A Workplace Christmas Carol

At this time of the year, I always turn my attention to my yearly reading of ‘A Christmas Carol’- known to many as ‘Scrooge’. It gets me in the Christmas spirit as I start winding down for the holidays.

This year, it got me asking a ‘What If.’ What if old Scrooge was a personnel manager of some sort being spirited through workplaces past, present and future. What would he see and think?

The workplace of the past

It is not so long ago that workplaces were utterly hierarchical places. Very clear delineation of tasks, and a very explicit understanding of peoples role, and level in their companies.

Scrooge would have seen people working in a very specific task-focused way, many in companies making things, with a big focus on manufacturing. In Victorian times, when Scrooge was prowling the streets, there was a heavy emphasis on apprenticeship, guilds and very hard graft.

Even though by the 1870s the nine-hour day was pretty widespread as was the half day off on Saturday, big differences remained- for example, most bakery employees worked an 83 hour week! As the importance of the bigger stores grew through the 1880s and 90’s the hours became more ‘normalised’.

It is interesting to note that miserable Scrooge kept his poor clerk Bob Cratchit working until 7 pm on Christmas Eve, with little heat, poor light, and in cramped conditions. The ‘technology’ of the time was paper, pens, and calculating tables. Before the advent of modern computers, people were the computers or more specifically there was a job role called ‘a computer.’

According to journalist David Skinner, women had largely taken over the role of the human-computer by the early 20th century—so much that the terminology changed. Respected mathematicians would blithely approximate the problem-solving horsepower of computing machines in ‘girl-years’ and describe a unit of machine labour as equal to one ‘kilo-girl.

The workplace of the present

What Scrooge would see in workplace present would be a mix of ideas, competing philosophies with HR leaders trying to deal with new technologies, waves of independent contractors, outsourcing, new workplace practices, new models of engagement, new ideas like harnessing diversity and companies trying to drive a meaningful sense of purpose.

He would see different working business models like Valve with their Cabals, Supercell with their work cells, and new flat structures, rub up alongside more traditional style businesses. He would also see a growing lack of real engagement and people looking for greater meaning in what they want to do.

Scrooge would be amazed at the new technologies sweeping through the workplace and probably loving the fact that some of these technologies like machine learning, artificial intelligence, better user interface design and analytics were driving significant efficiency and cost savings across the board. Saving the pennies was something Mr Scrooge always liked to do!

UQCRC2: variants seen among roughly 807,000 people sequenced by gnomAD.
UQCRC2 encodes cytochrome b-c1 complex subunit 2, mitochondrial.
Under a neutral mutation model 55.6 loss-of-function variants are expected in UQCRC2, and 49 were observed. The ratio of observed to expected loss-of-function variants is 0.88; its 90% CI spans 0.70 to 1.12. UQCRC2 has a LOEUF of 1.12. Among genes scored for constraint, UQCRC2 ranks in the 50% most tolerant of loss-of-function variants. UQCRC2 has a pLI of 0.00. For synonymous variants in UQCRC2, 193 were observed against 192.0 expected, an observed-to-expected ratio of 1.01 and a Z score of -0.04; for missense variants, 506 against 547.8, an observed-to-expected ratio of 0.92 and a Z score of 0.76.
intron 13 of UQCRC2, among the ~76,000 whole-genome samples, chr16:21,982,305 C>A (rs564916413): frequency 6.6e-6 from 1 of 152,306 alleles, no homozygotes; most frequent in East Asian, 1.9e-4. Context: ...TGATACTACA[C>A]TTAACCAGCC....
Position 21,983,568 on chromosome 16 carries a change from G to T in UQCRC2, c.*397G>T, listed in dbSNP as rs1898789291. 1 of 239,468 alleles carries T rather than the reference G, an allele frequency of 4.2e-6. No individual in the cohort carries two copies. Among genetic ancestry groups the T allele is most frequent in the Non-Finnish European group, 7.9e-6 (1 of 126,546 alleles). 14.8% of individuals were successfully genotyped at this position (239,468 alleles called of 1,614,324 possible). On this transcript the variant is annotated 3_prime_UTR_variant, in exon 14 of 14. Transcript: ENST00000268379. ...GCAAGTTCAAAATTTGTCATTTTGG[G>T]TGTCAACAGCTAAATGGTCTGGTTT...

The workplace of the future

What would he see in the workplace of the future? Would it be a depressing vision like Scrooge coming face to face with his own death? Or would it be an optimistic one, where we would have gotten our heads around new ways of working with 0 supervision, 0 offices, 0 hours, 0 friction technology all being the norm in our workplaces?

I think most likely he would see something in between, where humanity has been put back into the centre of the workplace enabled by human-centric technologies like Voice interfaces enabling workers to achieve their best work. New instinctive platforms of engagement driving new forms of customer and employee relationship development.

He would also see hyper collaboration between all types of employees and the broader networks they live within. Collaborators, partners, alumni, crowds, amateurs and professionals alike. This would be accompanied by increasing anxiety, possibly reaching boiling point, about real job security (by approximately 2027 freelancing will be the most frequent working ‘type’ in the US) and all the challenges that will go with that for government, companies and individuals a like.

Like all trips through the past and present, the future will ultimately bring some of the good and bad of those eras with them. But there is no doubt that the future world of work will be a fundamentally more socio-centric place than before with a greater emphasis on total benefit to individuals and society and a strong consciousness focused on making a real difference.

To paraphrase Arthur C Clarke and to slightly alter his now famous phrase- ‘any sufficiently advanced workplace may seem like magic’ and this will certainly be the case when we look back 30 years from now.

Interested in learning more about The Future of Work? Get in touch.